Why do share prices rise and fall? The most basic – almost prosaic – answer is that, if a company’s share price ends the day up, there were more buyers than sellers, and if it finishes down, there were more sellers than buyers. Underlying that, there are likely to have been hundreds of different reasons why all of those people were buying and selling the shares on that day.
As it happens, neither the simplistic numerical explanation nor the multi-faceted one naturally appeals to the human brain. The former is too dull – if every story in the financial media ran along the lines that a particular share price went up yesterday because there were 129,000 buyers and 115,000 sellers, pretty soon everybody would stop reading.
If anything, however, the idea there could be hundreds of different reasons motivating people to buy or sell a share on any day is even less palatable. As we have discussed before in articles such as Simple minds, rather than understanding the complex tapestry that is markets, valuations and economics, many people prefer to reduce everything to simpler ideas with which they feel more comfortable.
The human tendency to construct simple stories as a way of trying to make sense of a complicated world ties in with what Nassim Taleb described in his best-selling book The Black Swan as “narrative fallacy”. This is the idea our flawed or incorrect readings of the past can begin to influence our view of the world and our expectations for the future – and in investment that can lead to mistakes.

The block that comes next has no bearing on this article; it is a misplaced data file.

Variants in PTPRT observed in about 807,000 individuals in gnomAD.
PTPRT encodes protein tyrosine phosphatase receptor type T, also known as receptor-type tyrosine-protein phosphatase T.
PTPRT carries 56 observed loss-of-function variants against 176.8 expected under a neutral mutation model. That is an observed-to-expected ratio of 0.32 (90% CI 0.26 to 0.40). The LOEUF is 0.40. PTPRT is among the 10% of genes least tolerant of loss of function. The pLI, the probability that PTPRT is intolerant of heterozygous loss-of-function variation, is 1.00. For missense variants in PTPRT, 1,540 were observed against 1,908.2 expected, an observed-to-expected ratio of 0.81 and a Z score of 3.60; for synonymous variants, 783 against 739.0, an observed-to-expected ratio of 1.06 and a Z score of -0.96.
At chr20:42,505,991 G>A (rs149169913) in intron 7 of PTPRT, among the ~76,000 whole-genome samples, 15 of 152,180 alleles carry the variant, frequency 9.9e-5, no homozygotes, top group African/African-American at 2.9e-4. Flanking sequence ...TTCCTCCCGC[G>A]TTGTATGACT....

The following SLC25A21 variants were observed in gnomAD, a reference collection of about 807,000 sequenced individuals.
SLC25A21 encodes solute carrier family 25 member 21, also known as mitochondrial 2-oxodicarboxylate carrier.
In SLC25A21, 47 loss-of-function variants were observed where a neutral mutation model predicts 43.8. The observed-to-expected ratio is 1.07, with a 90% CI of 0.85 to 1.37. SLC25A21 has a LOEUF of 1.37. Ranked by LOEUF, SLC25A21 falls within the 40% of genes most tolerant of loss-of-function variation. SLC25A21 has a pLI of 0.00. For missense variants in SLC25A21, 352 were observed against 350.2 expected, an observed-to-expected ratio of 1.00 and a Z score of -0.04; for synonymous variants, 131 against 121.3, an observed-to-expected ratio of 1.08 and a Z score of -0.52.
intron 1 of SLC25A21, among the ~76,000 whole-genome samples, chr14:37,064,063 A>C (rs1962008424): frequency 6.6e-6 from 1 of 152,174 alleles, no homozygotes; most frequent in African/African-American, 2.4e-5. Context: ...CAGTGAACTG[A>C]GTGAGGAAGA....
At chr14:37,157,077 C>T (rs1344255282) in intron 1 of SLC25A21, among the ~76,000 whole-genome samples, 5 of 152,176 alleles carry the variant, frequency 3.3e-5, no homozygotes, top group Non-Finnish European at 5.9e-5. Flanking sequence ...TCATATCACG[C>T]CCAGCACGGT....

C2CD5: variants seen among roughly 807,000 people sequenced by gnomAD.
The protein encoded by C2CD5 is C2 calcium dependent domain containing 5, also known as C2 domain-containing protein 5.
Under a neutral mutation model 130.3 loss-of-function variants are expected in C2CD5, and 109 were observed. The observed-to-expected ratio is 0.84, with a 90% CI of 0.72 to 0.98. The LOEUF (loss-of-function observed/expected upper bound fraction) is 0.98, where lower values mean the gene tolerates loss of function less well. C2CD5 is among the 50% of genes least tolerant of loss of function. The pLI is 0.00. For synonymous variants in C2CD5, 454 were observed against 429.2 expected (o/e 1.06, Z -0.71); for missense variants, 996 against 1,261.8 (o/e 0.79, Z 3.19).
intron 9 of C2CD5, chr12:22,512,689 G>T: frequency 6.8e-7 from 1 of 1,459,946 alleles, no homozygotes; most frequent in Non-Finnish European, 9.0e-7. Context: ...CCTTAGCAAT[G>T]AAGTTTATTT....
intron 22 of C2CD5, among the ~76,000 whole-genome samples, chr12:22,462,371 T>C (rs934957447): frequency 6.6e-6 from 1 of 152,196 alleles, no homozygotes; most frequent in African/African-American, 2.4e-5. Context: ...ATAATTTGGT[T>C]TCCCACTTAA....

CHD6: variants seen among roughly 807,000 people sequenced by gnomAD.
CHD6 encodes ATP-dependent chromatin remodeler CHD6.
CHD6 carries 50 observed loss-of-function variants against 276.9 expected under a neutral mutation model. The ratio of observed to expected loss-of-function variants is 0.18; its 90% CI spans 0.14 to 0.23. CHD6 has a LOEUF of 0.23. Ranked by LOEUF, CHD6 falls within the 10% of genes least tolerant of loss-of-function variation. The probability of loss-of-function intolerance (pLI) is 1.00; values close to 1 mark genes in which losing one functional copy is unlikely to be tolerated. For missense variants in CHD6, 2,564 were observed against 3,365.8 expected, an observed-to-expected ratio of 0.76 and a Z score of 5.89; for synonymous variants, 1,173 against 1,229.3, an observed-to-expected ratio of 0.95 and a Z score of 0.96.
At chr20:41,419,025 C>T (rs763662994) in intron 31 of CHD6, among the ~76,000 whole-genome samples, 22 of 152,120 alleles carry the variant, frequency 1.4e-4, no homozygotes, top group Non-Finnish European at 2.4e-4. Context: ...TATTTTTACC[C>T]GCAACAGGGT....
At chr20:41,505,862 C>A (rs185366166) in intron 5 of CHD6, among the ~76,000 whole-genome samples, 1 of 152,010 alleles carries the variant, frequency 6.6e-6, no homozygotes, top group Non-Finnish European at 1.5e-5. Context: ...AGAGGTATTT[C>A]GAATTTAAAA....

Take a commonly used explanation for a share price move – an analyst’s upgrade for an increase or a downgrade for a falling share price. Undeniably, that is a nice, simple story – for some perhaps even a compelling one – but it is also likely to be incorrect and lead to some cognitive mistakes as a consequence.
The ultimate test of any explanation is if, by knowing it in advance, you could predict the event it explains. If I told you some analyst was going to upgrade the shares of Vodafone tomorrow, however, that would not allow you to guess what was going to happen to the Vodafone share price in any way, shape or form.
Analysts upgrade and downgrade shares every day but choosing to focus only on the changes that, in hindsight, chime with the direction of a share price is clearly extremely blinkered. Such a practice becomes positively dangerous when it changes investors’ expectations of the future.
Rationalising a share price move through an analyst’s action inevitably leads to a focus on upgrades and downgrades as a driver of share prices. From an investment perspective, that is extremely dangerous as it takes focus away from far more important long-term drivers such as valuation and balance sheet strength.